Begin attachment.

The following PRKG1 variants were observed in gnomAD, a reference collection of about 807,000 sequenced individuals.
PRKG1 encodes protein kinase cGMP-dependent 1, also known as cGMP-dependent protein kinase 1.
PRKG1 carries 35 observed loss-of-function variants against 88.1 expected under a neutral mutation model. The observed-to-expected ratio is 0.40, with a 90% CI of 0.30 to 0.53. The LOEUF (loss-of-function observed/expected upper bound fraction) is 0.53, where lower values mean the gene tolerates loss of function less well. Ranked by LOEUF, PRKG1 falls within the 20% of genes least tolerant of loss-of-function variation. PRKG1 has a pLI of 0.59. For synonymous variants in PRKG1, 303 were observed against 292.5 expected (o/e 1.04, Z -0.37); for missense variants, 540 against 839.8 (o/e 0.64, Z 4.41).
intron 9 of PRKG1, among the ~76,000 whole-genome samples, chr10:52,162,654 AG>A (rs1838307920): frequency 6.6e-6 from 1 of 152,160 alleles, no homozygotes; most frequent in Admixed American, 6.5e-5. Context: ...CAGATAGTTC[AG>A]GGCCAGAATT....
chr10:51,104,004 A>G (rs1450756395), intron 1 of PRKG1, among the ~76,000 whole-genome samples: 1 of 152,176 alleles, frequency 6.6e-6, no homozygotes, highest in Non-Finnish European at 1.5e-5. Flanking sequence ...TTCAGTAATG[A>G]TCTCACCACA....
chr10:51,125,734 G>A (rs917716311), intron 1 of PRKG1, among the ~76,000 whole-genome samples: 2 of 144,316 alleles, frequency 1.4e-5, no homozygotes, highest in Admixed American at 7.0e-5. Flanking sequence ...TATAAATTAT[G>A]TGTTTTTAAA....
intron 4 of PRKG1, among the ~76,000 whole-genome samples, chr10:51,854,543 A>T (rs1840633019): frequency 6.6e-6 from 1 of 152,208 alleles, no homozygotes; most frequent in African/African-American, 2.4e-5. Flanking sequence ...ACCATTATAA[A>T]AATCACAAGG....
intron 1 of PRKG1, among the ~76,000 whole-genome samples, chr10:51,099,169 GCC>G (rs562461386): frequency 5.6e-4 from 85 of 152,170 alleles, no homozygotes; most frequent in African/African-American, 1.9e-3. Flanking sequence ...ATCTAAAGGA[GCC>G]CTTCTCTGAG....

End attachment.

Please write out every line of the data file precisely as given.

The following PRKG1 variants were observed in gnomAD, a reference collection of about 807,000 sequenced individuals.
PRKG1 encodes protein kinase cGMP-dependent 1, also known as cGMP-dependent protein kinase 1.
PRKG1 carries 35 observed loss-of-function variants against 88.1 expected under a neutral mutation model. The observed-to-expected ratio is 0.40, with a 90% CI of 0.30 to 0.53. The LOEUF (loss-of-function observed/expected upper bound fraction) is 0.53, where lower values mean the gene tolerates loss of function less well. Ranked by LOEUF, PRKG1 falls within the 20% of genes least tolerant of loss-of-function variation. PRKG1 has a pLI of 0.59. For synonymous variants in PRKG1, 303 were observed against 292.5 expected (o/e 1.04, Z -0.37); for missense variants, 540 against 839.8 (o/e 0.64, Z 4.41).
intron 9 of PRKG1, among the ~76,000 whole-genome samples, chr10:52,162,654 AG>A (rs1838307920): frequency 6.6e-6 from 1 of 152,160 alleles, no homozygotes; most frequent in Admixed American, 6.5e-5. Context: ...CAGATAGTTC[AG>A]GGCCAGAATT....
chr10:51,104,004 A>G (rs1450756395), intron 1 of PRKG1, among the ~76,000 whole-genome samples: 1 of 152,176 alleles, frequency 6.6e-6, no homozygotes, highest in Non-Finnish European at 1.5e-5. Flanking sequence ...TTCAGTAATG[A>G]TCTCACCACA....
chr10:51,125,734 G>A (rs917716311), intron 1 of PRKG1, among the ~76,000 whole-genome samples: 2 of 144,316 alleles, frequency 1.4e-5, no homozygotes, highest in Admixed American at 7.0e-5. Flanking sequence ...TATAAATTAT[G>A]TGTTTTTAAA....
intron 4 of PRKG1, among the ~76,000 whole-genome samples, chr10:51,854,543 A>T (rs1840633019): frequency 6.6e-6 from 1 of 152,208 alleles, no homozygotes; most frequent in African/African-American, 2.4e-5. Flanking sequence ...ACCATTATAA[A>T]AATCACAAGG....
intron 1 of PRKG1, among the ~76,000 whole-genome samples, chr10:51,099,169 GCC>G (rs562461386): frequency 5.6e-4 from 85 of 152,170 alleles, no homozygotes; most frequent in African/African-American, 1.9e-3. Flanking sequence ...ATCTAAAGGA[GCC>G]CTTCTCTGAG....